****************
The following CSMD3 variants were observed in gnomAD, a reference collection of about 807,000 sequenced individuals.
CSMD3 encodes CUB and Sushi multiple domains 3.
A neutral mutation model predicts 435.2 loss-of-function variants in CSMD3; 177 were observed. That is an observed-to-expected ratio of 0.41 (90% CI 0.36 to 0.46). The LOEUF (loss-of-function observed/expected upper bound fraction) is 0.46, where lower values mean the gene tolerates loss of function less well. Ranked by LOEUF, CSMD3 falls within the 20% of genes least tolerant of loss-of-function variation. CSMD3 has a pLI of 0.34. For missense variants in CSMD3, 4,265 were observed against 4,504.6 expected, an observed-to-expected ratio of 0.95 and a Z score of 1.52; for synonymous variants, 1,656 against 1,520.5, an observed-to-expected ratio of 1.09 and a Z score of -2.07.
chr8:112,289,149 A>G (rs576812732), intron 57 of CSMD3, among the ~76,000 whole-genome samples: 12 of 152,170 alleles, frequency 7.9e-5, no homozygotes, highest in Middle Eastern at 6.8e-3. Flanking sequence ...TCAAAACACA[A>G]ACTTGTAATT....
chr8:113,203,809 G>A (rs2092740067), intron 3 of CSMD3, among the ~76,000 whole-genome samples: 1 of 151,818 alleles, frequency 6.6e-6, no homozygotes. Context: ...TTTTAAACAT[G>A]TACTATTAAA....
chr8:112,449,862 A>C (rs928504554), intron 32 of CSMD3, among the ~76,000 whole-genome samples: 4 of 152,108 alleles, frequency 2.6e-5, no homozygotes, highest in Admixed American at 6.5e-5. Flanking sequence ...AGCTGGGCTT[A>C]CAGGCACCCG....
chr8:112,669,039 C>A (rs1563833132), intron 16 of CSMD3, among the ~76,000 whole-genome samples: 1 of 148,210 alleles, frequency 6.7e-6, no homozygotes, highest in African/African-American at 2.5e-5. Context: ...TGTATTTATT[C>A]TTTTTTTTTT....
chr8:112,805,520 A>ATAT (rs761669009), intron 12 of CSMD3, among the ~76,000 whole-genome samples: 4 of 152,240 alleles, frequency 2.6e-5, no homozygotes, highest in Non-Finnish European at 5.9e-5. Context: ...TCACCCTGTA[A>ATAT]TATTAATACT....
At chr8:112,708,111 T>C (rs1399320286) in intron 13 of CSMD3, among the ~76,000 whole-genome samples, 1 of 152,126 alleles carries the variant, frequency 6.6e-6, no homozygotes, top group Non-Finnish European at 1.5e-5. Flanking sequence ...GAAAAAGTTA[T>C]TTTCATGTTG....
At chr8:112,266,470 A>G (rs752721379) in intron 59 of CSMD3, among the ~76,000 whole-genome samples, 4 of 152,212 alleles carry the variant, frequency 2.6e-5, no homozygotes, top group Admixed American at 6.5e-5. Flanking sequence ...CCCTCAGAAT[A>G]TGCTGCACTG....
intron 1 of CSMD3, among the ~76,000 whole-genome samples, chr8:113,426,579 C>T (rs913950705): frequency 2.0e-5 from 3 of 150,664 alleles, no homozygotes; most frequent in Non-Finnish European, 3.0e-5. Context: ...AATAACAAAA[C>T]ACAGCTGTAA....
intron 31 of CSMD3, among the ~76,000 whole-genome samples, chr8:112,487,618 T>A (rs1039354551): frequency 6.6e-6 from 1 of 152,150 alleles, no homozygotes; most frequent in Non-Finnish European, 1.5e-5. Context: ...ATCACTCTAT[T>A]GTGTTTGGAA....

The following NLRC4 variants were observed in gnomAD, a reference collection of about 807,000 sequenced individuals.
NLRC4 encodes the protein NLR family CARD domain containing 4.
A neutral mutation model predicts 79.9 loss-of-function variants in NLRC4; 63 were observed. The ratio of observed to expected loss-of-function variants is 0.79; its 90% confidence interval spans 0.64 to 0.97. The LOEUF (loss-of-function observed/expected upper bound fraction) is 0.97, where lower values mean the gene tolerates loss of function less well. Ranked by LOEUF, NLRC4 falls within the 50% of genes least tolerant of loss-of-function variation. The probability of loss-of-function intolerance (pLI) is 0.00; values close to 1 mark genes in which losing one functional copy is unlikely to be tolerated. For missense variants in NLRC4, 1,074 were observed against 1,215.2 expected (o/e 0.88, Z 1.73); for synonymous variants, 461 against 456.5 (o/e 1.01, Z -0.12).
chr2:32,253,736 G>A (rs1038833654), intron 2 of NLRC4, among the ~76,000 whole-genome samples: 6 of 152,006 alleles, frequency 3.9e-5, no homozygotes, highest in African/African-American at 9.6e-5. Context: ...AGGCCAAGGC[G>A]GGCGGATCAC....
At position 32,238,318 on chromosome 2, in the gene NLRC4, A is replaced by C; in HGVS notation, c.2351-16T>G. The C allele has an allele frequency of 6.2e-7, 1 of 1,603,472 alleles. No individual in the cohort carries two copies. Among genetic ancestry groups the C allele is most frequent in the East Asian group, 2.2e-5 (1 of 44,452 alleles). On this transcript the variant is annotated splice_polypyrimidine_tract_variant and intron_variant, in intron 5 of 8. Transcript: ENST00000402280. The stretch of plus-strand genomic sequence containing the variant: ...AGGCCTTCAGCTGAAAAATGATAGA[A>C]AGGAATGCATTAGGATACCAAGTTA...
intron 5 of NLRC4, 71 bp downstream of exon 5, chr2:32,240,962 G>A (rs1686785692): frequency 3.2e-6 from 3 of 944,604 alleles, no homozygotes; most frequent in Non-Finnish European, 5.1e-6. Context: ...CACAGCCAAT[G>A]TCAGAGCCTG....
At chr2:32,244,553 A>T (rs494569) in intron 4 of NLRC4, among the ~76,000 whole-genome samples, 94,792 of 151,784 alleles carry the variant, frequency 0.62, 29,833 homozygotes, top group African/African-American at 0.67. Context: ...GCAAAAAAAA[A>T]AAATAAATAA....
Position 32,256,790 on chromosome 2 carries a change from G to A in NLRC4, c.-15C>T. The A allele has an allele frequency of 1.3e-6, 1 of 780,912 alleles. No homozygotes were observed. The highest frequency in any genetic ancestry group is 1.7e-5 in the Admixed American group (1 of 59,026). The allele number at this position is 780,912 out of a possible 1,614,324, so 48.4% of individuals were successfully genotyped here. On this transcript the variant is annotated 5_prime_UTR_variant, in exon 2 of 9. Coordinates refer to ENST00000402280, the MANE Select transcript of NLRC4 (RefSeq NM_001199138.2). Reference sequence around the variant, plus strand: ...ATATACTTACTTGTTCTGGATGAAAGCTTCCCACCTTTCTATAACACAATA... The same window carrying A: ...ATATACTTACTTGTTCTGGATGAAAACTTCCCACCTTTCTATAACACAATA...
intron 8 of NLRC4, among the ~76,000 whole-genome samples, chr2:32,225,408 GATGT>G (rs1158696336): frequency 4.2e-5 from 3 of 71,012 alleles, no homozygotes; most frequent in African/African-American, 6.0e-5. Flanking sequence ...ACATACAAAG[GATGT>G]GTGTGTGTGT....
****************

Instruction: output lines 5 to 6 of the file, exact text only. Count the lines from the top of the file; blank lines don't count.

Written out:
chr8:113,203,809 G>A (rs2092740067), intron 3 of CSMD3, among the ~76,000 whole-genome samples: 1 of 151,818 alleles, frequency 6.6e-6, no homozygotes. Context: ...TTTTAAACAT[G>A]TACTATTAAA....
chr8:112,449,862 A>C (rs928504554), intron 32 of CSMD3, among the ~76,000 whole-genome samples: 4 of 152,108 alleles, frequency 2.6e-5, no homozygotes, highest in Admixed American at 6.5e-5. Flanking sequence ...AGCTGGGCTT[A>C]CAGGCACCCG....